Cities and States Lead on Climate Change – By Jeff Biggers – The New York Times

“IOWA CITY — THE wind turbines that rise out of the cornfields here reminded me on a recent drive of one postelection truth, even in the red state of Iowa.As President-elect Donald J. Trump considers whether to break the United States commitment to the Paris climate accord, the rise of clean energy across the heartland is already too well entrenched to be reversed.

By 2020, thanks to MidAmerican Energy’s planned $3.6 billion addition to its enormous wind turbine operations, 85 percent of its Iowa customers will be electrified by clean energy. Meanwhile, Moxie Solar, named the fastest-growing local business by The Corridor Business Journal of Iowa, is installing solar panels on my house, and is part of a solar industry that now employs 200,000 nationwide.

Doomsday scenarios about the climate have abounded in the aftermath of the November election. But responsibility for effectively reining in carbon emissions also rests with business, and with the nation’s cities and states. Those are the battlegrounds. Worldwide, cities produce as much as 70 percent of greenhouse gas emissions.”

Source: Cities and States Lead on Climate Change – The New York Times

David Lindsay Hamden, CT Pending Approval

Great piece, about good works. I feel pessimistic quite often. The real culprit is population growth. The earth just went from 1 to 7.5 billion humans in the last 100 years, and is scheduled to go to 13 billion in the next century or so. The graphs of population growth and carbon dioxide increase are almost identical.
Is Trump going to initiate a tax on CO2, carbon dioxide emissions? Maybe we will have to do it on a state by state level. In the long term, the problem is self healing. The sea levels will rise, there will be billions of climate change refugees, and the wars and massacres will reduce our numbers, as in the past, exacerbated by the decline in water and food. Like a giant algae bloom, the explosive growth of the human population will cause the extermination of our species, and thousands of others species as well. Everyday, I wonder, why is population growth still a mostly taboo subject for world leaders and the press?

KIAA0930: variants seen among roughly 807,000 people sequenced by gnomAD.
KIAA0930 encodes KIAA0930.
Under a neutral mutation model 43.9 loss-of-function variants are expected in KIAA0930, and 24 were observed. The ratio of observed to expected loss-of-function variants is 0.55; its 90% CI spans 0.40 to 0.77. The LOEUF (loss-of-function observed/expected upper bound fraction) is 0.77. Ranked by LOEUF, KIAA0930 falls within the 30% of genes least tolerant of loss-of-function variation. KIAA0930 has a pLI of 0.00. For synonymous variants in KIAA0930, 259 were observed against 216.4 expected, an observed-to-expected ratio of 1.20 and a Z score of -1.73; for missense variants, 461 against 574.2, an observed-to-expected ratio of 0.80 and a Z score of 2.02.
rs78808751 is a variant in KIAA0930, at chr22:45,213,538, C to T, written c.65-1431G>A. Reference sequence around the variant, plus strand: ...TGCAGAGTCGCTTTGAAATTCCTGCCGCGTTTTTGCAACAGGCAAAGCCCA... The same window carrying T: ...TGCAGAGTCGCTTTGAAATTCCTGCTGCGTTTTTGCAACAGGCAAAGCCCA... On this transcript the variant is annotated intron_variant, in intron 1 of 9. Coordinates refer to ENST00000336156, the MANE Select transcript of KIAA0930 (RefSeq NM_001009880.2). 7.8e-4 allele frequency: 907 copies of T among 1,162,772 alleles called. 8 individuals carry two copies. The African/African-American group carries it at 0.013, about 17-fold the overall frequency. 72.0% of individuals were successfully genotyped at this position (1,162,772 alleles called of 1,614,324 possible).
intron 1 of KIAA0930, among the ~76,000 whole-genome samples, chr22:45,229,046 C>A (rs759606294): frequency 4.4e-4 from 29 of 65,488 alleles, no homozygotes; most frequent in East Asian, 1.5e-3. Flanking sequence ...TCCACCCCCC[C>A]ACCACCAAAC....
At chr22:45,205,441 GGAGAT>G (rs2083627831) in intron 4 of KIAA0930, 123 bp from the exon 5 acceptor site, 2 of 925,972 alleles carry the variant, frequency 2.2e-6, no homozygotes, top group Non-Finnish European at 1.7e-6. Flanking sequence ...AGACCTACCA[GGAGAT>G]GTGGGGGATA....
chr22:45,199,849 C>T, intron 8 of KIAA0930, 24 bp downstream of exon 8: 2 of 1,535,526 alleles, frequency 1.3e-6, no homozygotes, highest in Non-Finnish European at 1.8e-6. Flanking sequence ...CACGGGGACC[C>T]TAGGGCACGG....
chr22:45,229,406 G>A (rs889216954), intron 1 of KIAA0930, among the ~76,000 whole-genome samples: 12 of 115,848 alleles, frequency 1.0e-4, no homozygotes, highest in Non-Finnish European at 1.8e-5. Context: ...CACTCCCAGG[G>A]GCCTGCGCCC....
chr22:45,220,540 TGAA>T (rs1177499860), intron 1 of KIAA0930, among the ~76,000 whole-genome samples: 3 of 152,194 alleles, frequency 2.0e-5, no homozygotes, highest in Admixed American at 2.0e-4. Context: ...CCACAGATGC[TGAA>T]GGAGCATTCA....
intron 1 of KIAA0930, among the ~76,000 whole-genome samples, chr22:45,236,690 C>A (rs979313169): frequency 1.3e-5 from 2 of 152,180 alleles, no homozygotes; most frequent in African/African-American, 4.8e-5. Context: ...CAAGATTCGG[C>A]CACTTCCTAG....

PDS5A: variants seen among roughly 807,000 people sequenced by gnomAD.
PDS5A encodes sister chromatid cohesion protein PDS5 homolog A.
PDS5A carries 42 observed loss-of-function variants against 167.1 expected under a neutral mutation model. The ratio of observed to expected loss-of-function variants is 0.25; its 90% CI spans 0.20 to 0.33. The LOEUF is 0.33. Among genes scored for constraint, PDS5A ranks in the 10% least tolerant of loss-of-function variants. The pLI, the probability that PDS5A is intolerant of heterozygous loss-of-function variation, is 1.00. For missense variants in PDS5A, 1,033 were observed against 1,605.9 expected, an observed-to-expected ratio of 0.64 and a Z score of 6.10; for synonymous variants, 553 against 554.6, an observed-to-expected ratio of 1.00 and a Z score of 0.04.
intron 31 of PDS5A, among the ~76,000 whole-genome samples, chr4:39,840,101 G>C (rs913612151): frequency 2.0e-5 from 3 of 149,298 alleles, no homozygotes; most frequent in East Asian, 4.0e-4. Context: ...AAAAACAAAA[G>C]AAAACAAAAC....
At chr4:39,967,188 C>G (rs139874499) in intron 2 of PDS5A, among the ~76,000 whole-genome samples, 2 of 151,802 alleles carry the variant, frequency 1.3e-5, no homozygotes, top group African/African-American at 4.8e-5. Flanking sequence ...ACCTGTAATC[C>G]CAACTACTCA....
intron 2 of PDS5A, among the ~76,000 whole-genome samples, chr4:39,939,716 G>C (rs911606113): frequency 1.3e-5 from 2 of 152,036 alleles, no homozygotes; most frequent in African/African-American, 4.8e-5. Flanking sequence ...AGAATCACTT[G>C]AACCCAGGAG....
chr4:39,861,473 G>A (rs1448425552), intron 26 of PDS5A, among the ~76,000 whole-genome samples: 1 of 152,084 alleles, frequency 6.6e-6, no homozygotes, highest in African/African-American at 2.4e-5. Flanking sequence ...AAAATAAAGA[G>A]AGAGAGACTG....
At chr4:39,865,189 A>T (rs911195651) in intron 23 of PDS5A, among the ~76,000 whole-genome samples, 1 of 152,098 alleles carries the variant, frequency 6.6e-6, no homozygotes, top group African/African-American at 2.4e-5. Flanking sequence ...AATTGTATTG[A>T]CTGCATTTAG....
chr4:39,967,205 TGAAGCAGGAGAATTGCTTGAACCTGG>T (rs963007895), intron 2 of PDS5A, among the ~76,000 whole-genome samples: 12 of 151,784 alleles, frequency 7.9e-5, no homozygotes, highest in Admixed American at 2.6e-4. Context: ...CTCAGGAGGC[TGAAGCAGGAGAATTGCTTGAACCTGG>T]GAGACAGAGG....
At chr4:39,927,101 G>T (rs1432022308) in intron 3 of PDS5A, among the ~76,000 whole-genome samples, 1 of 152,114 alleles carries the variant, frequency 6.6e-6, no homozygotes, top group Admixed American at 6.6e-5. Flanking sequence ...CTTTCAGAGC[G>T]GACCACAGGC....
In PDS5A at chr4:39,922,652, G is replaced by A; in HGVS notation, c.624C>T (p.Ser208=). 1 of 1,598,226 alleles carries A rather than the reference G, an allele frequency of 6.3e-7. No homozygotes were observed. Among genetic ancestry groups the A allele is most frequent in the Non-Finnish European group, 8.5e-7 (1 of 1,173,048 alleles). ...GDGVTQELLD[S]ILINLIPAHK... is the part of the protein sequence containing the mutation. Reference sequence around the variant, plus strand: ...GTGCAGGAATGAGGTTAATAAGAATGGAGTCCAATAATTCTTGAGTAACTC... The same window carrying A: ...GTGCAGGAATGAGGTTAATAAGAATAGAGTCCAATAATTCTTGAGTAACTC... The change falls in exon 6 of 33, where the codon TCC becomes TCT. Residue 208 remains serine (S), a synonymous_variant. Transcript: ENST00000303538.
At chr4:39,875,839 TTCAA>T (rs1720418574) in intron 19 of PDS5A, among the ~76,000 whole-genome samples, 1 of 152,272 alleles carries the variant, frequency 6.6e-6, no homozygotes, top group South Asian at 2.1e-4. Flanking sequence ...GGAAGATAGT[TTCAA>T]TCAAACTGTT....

David blogs at

Bruce Rozenblit

is a trusted commenter Kansas City, MO 2 hours ago

Agree 100%. The cities are moving forward. The economics of solar and wind are driving their growth. Even Kansas supports wind power and is a major producer. There is money to be made in energy.

The farmers are beginning to realize that. Corn is booming because of ethanol requirements. Ethanol is barely an energy gainer if at all. Corn sucks the water out of the land, much more than wheat does. The land is drying up from drought. Instead of growing corn, farmers can grow solar. They can rent the land or get a piece of the profits. Ditto for wind.

Individuals can change their behavior and drive electric cars. By 2020 we will have many affordable choices with good range. In the mean time, I bought an electric bike and love it. If its dry, over 40 and less than 7 miles away, I use my bike. It averages a bit over 20 mph with light pedaling.

The autonomous vehicle will make light rail obsolete. Light rail cost $100 million per mile. Cities could buy autonomous vans that seat 6 or 8 people and have them programmed to pick people up and transport them, like a serial taxi, constantly picking up and dropping off, keeping the van full. No more bus stops. If they cost $100K, a city could buy 1000 of them for the cost of one mile of light rail. Imagine thousands of them moving everyone everywhere, constantly in motion. Just order and pay for it with your phone.

Individuals can make this happen. Vote people. Vote with your dollar.